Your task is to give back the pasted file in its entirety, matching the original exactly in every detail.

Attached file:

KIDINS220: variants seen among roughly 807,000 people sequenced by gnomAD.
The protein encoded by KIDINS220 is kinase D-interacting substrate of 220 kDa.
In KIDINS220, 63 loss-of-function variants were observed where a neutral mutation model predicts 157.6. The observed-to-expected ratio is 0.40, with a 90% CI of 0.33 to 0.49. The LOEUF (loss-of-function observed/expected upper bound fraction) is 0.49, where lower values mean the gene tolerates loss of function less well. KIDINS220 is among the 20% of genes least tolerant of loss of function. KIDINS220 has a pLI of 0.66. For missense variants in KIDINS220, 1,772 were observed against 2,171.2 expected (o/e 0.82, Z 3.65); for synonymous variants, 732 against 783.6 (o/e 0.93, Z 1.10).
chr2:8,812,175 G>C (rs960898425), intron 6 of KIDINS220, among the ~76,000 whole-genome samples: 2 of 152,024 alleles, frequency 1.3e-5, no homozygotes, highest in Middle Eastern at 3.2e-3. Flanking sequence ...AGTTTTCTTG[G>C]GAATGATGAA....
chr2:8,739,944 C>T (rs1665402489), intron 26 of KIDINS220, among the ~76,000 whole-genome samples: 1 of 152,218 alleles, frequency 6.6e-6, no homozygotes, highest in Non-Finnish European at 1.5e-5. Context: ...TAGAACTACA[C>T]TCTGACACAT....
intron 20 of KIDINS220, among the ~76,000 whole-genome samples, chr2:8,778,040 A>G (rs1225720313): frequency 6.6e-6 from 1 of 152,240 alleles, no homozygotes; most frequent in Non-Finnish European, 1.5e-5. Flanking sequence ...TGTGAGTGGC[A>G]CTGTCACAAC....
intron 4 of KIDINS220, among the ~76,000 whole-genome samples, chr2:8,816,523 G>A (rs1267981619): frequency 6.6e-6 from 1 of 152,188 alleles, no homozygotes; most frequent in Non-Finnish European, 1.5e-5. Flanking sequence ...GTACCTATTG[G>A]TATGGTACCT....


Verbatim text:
KIDINS220: variants seen among roughly 807,000 people sequenced by gnomAD.
The protein encoded by KIDINS220 is kinase D-interacting substrate of 220 kDa.
In KIDINS220, 63 loss-of-function variants were observed where a neutral mutation model predicts 157.6. The observed-to-expected ratio is 0.40, with a 90% CI of 0.33 to 0.49. The LOEUF (loss-of-function observed/expected upper bound fraction) is 0.49, where lower values mean the gene tolerates loss of function less well. KIDINS220 is among the 20% of genes least tolerant of loss of function. KIDINS220 has a pLI of 0.66. For missense variants in KIDINS220, 1,772 were observed against 2,171.2 expected (o/e 0.82, Z 3.65); for synonymous variants, 732 against 783.6 (o/e 0.93, Z 1.10).
chr2:8,812,175 G>C (rs960898425), intron 6 of KIDINS220, among the ~76,000 whole-genome samples: 2 of 152,024 alleles, frequency 1.3e-5, no homozygotes, highest in Middle Eastern at 3.2e-3. Flanking sequence ...AGTTTTCTTG[G>C]GAATGATGAA....
chr2:8,739,944 C>T (rs1665402489), intron 26 of KIDINS220, among the ~76,000 whole-genome samples: 1 of 152,218 alleles, frequency 6.6e-6, no homozygotes, highest in Non-Finnish European at 1.5e-5. Context: ...TAGAACTACA[C>T]TCTGACACAT....
intron 20 of KIDINS220, among the ~76,000 whole-genome samples, chr2:8,778,040 A>G (rs1225720313): frequency 6.6e-6 from 1 of 152,240 alleles, no homozygotes; most frequent in Non-Finnish European, 1.5e-5. Flanking sequence ...TGTGAGTGGC[A>G]CTGTCACAAC....
intron 4 of KIDINS220, among the ~76,000 whole-genome samples, chr2:8,816,523 G>A (rs1267981619): frequency 6.6e-6 from 1 of 152,188 alleles, no homozygotes; most frequent in Non-Finnish European, 1.5e-5. Flanking sequence ...GTACCTATTG[G>A]TATGGTACCT....